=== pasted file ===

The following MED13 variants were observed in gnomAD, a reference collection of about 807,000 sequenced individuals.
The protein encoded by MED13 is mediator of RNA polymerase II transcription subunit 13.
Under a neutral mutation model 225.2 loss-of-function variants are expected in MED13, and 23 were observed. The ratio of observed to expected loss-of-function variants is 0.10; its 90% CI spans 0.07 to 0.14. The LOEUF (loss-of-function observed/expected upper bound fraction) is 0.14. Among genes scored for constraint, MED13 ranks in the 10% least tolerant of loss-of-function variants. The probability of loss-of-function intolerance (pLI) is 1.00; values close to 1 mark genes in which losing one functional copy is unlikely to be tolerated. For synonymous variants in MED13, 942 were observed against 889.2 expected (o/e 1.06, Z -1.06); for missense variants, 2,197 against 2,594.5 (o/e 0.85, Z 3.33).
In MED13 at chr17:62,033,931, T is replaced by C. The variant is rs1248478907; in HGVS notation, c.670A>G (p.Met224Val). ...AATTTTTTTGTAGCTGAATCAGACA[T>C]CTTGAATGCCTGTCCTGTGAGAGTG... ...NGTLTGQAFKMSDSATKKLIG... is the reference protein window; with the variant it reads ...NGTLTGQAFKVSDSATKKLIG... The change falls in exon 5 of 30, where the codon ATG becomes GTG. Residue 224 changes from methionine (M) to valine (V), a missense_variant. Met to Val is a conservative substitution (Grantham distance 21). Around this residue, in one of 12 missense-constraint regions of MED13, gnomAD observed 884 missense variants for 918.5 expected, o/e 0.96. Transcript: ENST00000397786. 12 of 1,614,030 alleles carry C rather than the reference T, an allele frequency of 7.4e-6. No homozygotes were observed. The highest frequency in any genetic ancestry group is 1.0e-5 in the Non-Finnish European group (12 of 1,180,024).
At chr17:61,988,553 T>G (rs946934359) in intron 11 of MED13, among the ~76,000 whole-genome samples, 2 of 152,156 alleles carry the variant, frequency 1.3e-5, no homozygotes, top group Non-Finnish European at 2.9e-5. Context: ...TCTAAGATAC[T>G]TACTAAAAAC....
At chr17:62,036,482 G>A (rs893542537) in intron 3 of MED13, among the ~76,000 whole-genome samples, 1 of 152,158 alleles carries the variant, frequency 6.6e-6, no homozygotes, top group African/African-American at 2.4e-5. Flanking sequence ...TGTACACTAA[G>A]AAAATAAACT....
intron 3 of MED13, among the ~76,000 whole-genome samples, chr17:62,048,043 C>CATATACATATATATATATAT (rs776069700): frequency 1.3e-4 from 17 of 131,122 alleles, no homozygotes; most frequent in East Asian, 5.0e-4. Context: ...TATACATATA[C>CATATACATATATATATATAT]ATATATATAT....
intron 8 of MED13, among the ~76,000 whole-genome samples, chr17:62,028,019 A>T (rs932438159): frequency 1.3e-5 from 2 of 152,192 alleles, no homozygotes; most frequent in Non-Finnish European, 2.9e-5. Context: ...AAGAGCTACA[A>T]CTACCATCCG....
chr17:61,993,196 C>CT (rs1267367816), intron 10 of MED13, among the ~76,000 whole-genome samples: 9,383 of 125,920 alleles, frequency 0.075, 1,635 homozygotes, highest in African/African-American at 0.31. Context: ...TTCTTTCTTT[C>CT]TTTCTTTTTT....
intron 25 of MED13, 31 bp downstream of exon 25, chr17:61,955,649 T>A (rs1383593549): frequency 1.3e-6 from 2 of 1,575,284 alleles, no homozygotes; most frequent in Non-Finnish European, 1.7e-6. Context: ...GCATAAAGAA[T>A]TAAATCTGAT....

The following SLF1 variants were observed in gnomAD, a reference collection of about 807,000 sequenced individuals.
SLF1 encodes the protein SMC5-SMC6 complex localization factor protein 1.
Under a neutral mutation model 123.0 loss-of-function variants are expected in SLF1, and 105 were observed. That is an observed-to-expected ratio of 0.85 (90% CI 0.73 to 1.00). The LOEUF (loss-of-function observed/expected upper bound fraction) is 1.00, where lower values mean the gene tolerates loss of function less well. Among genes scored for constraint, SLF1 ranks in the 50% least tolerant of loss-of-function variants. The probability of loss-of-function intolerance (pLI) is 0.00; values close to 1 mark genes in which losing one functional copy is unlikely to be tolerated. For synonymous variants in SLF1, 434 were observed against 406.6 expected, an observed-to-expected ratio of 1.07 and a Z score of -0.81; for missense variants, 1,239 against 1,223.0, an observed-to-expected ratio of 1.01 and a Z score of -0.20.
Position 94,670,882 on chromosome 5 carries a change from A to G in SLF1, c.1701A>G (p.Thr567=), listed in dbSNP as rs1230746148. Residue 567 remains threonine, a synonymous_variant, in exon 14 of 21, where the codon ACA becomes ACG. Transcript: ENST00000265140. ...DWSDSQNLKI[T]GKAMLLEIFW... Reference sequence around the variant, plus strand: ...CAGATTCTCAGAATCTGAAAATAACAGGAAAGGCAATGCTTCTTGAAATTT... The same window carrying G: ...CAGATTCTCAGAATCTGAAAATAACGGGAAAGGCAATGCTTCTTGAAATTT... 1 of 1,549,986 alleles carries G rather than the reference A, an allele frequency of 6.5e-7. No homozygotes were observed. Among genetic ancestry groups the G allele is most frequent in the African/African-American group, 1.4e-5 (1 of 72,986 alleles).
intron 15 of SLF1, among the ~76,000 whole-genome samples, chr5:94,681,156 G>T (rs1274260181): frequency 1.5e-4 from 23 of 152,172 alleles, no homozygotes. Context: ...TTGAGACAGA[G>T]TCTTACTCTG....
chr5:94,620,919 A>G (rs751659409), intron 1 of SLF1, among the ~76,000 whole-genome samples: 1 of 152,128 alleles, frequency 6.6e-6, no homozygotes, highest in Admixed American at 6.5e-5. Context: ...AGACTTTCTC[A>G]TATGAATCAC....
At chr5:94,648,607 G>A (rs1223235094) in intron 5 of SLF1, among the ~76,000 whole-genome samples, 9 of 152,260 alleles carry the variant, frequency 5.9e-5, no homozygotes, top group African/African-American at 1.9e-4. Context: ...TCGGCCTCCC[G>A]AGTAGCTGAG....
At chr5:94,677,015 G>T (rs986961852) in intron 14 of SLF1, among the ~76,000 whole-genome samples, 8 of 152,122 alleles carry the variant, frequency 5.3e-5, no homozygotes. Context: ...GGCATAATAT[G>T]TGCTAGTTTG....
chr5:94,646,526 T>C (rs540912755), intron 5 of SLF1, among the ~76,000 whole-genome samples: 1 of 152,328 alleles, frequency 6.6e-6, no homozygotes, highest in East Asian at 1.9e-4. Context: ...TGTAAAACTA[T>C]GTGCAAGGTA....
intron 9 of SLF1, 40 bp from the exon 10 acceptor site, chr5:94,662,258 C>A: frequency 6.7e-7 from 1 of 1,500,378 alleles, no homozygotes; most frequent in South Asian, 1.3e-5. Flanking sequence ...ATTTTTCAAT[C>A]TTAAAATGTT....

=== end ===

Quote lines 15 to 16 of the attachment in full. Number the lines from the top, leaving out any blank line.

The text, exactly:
intron 15 of SLF1, among the ~76,000 whole-genome samples, chr5:94,681,156 G>T (rs1274260181): frequency 1.5e-4 from 23 of 152,172 alleles, no homozygotes. Context: ...TTGAGACAGA[G>T]TCTTACTCTG....
chr5:94,620,919 A>G (rs751659409), intron 1 of SLF1, among the ~76,000 whole-genome samples: 1 of 152,128 alleles, frequency 6.6e-6, no homozygotes, highest in Admixed American at 6.5e-5. Context: ...AGACTTTCTC[A>G]TATGAATCAC....